Planning for Superior’s future took to Zoom on Monday, March 22, as 16 people joined city and planning officials to consider elements of the city’s comprehensive plan update.

“I will say, this is one of the better attended events I’ve seen,” Mayor Jim Paine said Monday. After attending many public meetings that “are always pretty lightly attended,” Paine told participants they are community leaders.

“Your voice tonight is going to have a real impact crafting the next 10-20 years of our community’s direction,” Paine said. “We’re going to put incredible weight on what you say because you are representing the entire community.”

The comprehensive plan update will create a 20-year vision for Superior. It will serve as a guide for decisionmakers for community, physical, social and economic growth for at least the next decade. Goals for the plan are to encourage growth that supports community needs, provides efficient infrastructure, aids local economic development and defines specific actions to help the city achieve its goals for the next two decades.

“Your input is invaluable as we move forward with this process,” said Stephanie Falkers, a planner with SRF Consulting Group, the firm working with the city to develop the plan update for 2020-40.

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Falkers led the group through a series of questions to gain insight into people’s perspectives on issues and opportunities; housing; transportation; community facilities and utilities; land use; agricultural, natural and cultural resources; economic development; intergovernmental cooperation; and implementation, all elements required in a comprehensive plan. She also asked about coastal resources and hazard mitigation, elements the city plans to add to the update.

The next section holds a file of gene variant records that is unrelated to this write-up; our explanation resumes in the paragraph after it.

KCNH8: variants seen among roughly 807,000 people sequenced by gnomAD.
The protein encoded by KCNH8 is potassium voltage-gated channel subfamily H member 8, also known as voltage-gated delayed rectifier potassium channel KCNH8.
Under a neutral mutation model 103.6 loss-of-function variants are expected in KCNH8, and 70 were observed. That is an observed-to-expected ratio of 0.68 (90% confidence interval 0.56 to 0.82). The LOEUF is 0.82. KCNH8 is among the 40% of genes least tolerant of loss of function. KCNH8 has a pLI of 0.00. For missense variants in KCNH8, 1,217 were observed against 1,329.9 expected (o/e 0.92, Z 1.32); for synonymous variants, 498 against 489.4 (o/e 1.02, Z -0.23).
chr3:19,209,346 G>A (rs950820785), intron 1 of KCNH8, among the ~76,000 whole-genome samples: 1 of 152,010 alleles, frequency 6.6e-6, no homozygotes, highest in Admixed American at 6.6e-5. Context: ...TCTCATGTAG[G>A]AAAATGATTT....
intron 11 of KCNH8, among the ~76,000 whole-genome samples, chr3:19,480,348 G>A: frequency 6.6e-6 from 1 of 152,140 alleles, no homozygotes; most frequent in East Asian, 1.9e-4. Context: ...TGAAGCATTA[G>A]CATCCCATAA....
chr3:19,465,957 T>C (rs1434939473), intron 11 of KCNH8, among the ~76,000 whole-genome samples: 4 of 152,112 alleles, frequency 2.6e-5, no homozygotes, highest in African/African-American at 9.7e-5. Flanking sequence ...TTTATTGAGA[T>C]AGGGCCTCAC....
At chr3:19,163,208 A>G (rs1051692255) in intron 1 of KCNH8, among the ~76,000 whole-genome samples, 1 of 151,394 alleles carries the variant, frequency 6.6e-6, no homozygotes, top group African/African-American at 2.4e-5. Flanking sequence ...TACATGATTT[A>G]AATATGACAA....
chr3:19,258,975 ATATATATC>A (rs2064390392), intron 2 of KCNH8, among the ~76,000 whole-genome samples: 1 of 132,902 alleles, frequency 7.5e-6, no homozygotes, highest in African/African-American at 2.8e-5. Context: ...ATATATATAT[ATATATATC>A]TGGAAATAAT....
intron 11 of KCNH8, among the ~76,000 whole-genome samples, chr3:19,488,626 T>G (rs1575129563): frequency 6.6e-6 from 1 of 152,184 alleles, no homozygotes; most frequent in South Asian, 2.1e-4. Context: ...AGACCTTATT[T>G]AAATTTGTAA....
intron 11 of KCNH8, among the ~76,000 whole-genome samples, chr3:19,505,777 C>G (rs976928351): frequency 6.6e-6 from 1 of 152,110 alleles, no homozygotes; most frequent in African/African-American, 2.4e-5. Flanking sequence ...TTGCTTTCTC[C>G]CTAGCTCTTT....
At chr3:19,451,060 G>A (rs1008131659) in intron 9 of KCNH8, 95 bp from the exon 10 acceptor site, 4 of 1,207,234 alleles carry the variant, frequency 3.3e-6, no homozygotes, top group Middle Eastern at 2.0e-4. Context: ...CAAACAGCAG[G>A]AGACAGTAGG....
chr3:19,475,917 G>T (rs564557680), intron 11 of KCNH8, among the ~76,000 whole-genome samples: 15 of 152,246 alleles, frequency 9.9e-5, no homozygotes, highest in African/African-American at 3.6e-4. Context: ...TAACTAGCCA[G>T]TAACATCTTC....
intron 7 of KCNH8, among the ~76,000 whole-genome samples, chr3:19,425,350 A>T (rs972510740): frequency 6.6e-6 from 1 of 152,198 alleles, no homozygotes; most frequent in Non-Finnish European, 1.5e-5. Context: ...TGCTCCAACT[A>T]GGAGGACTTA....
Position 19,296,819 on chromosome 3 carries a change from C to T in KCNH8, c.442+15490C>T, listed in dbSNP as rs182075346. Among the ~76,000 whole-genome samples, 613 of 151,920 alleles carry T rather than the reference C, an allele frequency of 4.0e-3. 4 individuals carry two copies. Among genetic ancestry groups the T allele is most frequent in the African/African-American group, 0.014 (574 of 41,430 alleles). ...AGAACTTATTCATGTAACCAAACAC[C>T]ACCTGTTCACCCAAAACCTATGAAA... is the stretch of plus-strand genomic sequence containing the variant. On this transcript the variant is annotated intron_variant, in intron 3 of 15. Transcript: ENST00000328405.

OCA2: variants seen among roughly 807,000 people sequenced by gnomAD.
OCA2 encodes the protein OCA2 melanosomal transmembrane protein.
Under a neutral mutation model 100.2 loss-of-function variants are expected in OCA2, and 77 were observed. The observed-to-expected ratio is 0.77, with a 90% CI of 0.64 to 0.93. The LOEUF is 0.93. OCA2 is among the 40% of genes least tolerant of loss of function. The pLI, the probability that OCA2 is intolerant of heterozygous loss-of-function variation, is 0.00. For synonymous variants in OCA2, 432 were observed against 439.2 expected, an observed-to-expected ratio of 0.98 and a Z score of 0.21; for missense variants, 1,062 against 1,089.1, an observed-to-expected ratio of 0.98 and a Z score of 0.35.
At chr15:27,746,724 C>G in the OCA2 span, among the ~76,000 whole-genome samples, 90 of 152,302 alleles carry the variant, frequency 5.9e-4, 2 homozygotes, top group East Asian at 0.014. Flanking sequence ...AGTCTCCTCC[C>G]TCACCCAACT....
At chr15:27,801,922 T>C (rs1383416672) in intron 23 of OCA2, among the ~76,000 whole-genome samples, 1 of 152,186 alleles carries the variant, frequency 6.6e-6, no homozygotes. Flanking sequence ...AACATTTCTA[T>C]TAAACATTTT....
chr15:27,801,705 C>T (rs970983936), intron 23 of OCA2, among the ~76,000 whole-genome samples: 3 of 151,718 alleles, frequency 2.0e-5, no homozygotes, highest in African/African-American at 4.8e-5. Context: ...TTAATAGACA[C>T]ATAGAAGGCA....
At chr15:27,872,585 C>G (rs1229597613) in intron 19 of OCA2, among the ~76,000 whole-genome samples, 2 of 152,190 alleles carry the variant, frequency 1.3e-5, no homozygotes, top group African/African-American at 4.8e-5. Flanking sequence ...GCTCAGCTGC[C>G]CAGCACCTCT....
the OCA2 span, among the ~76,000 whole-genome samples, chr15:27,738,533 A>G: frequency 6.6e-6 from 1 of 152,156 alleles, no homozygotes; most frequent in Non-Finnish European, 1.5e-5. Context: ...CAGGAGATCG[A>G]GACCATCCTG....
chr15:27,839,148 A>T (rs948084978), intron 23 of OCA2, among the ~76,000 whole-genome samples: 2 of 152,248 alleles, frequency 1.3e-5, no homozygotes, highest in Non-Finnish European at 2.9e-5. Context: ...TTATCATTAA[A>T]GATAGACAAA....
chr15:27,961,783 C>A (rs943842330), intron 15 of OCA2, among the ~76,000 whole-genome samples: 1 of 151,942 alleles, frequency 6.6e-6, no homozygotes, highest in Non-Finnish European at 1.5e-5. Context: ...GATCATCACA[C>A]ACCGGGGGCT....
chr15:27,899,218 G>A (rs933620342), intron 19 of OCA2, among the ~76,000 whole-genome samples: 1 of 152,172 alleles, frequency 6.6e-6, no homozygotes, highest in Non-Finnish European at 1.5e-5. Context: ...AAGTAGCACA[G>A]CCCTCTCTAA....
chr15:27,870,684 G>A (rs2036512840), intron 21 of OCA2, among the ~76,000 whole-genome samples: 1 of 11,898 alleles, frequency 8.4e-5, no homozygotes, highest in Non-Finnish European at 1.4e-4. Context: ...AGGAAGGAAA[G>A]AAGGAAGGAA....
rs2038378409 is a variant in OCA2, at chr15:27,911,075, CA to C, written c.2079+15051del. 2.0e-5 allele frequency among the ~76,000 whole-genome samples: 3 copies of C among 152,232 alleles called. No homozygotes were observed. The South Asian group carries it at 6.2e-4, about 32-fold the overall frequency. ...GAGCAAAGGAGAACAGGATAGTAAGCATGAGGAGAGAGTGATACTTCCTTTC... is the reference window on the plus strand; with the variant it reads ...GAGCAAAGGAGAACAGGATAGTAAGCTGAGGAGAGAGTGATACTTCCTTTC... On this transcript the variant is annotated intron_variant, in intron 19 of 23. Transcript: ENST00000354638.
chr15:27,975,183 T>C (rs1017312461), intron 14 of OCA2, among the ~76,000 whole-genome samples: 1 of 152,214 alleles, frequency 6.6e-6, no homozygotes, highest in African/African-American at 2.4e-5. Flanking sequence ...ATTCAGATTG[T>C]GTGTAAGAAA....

“Over the last few years, of course, there has been monumental flooding,” said Jason Serck, economic development, port and planning director. “It goes to coastal resources as well as hazard mitigation. We want to get into what are some of the issues. We have experts on our steering committee that can help with some of this. It’s very complicated and a wide-ranging topic.”

Input from Monday night’s meeting and survey results will help identify issues and opportunities that will shape the plan, Falker said. Once those are identified, she said the public will have another opportunity to weigh-in, likely in late spring or early summer, before the “nerdy planning work” begins. An open house is planned for late summer when the draft plan is ready, and the Plan Commission and City Council will hold public hearings when the plan is considered for adoption in the fall, she said.

“Hopefully we’ll be able to meet in person at some point,” Falkers said.

The goal is to have a completed plan by the end of the year.

But people can still weigh in on the plan through Wednesday, March 31, by completing the surveys available at Super One stores or at

“Things have changed drastically over the last 10 years,” Serck said.

For updates on the comprehensive plan, go to the project website at